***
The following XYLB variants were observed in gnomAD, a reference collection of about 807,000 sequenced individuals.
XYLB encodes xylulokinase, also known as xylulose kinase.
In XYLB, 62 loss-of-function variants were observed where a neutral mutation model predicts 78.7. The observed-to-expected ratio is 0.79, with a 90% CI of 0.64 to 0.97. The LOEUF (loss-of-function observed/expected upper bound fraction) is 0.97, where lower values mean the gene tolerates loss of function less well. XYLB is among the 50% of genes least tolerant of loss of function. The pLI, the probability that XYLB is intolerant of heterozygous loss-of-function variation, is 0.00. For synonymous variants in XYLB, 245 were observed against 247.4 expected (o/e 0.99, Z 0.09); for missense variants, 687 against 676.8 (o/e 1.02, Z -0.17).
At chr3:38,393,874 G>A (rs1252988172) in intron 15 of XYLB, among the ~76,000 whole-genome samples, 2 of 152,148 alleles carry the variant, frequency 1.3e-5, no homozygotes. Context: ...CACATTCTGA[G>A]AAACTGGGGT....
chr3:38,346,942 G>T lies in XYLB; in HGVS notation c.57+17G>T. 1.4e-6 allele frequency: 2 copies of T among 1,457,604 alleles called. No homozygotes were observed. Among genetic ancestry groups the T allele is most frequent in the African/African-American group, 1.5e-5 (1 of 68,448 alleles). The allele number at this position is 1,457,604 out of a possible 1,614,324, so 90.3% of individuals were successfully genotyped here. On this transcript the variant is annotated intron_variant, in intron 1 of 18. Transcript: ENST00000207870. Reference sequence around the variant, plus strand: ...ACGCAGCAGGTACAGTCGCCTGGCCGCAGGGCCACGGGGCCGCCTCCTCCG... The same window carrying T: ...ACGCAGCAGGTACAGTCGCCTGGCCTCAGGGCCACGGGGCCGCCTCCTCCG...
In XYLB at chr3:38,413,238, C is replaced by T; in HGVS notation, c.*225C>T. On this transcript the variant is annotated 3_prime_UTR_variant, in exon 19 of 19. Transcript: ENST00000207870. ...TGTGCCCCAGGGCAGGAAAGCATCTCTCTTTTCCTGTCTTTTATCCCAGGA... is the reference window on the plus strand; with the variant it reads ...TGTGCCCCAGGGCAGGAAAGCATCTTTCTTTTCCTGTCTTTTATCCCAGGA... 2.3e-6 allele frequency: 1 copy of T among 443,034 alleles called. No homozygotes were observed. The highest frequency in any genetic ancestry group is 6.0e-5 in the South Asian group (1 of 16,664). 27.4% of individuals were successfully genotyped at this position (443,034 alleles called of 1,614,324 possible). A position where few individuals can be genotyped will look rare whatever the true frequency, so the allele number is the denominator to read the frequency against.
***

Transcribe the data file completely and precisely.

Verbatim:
The following XYLB variants were observed in gnomAD, a reference collection of about 807,000 sequenced individuals.
XYLB encodes xylulokinase, also known as xylulose kinase.
In XYLB, 62 loss-of-function variants were observed where a neutral mutation model predicts 78.7. The observed-to-expected ratio is 0.79, with a 90% CI of 0.64 to 0.97. The LOEUF (loss-of-function observed/expected upper bound fraction) is 0.97, where lower values mean the gene tolerates loss of function less well. XYLB is among the 50% of genes least tolerant of loss of function. The pLI, the probability that XYLB is intolerant of heterozygous loss-of-function variation, is 0.00. For synonymous variants in XYLB, 245 were observed against 247.4 expected (o/e 0.99, Z 0.09); for missense variants, 687 against 676.8 (o/e 1.02, Z -0.17).
At chr3:38,393,874 G>A (rs1252988172) in intron 15 of XYLB, among the ~76,000 whole-genome samples, 2 of 152,148 alleles carry the variant, frequency 1.3e-5, no homozygotes. Context: ...CACATTCTGA[G>A]AAACTGGGGT....
chr3:38,346,942 G>T lies in XYLB; in HGVS notation c.57+17G>T. 1.4e-6 allele frequency: 2 copies of T among 1,457,604 alleles called. No homozygotes were observed. Among genetic ancestry groups the T allele is most frequent in the African/African-American group, 1.5e-5 (1 of 68,448 alleles). The allele number at this position is 1,457,604 out of a possible 1,614,324, so 90.3% of individuals were successfully genotyped here. On this transcript the variant is annotated intron_variant, in intron 1 of 18. Transcript: ENST00000207870. Reference sequence around the variant, plus strand: ...ACGCAGCAGGTACAGTCGCCTGGCCGCAGGGCCACGGGGCCGCCTCCTCCG... The same window carrying T: ...ACGCAGCAGGTACAGTCGCCTGGCCTCAGGGCCACGGGGCCGCCTCCTCCG...
In XYLB at chr3:38,413,238, C is replaced by T; in HGVS notation, c.*225C>T. On this transcript the variant is annotated 3_prime_UTR_variant, in exon 19 of 19. Transcript: ENST00000207870. ...TGTGCCCCAGGGCAGGAAAGCATCTCTCTTTTCCTGTCTTTTATCCCAGGA... is the reference window on the plus strand; with the variant it reads ...TGTGCCCCAGGGCAGGAAAGCATCTTTCTTTTCCTGTCTTTTATCCCAGGA... 2.3e-6 allele frequency: 1 copy of T among 443,034 alleles called. No homozygotes were observed. The highest frequency in any genetic ancestry group is 6.0e-5 in the South Asian group (1 of 16,664). 27.4% of individuals were successfully genotyped at this position (443,034 alleles called of 1,614,324 possible). A position where few individuals can be genotyped will look rare whatever the true frequency, so the allele number is the denominator to read the frequency against.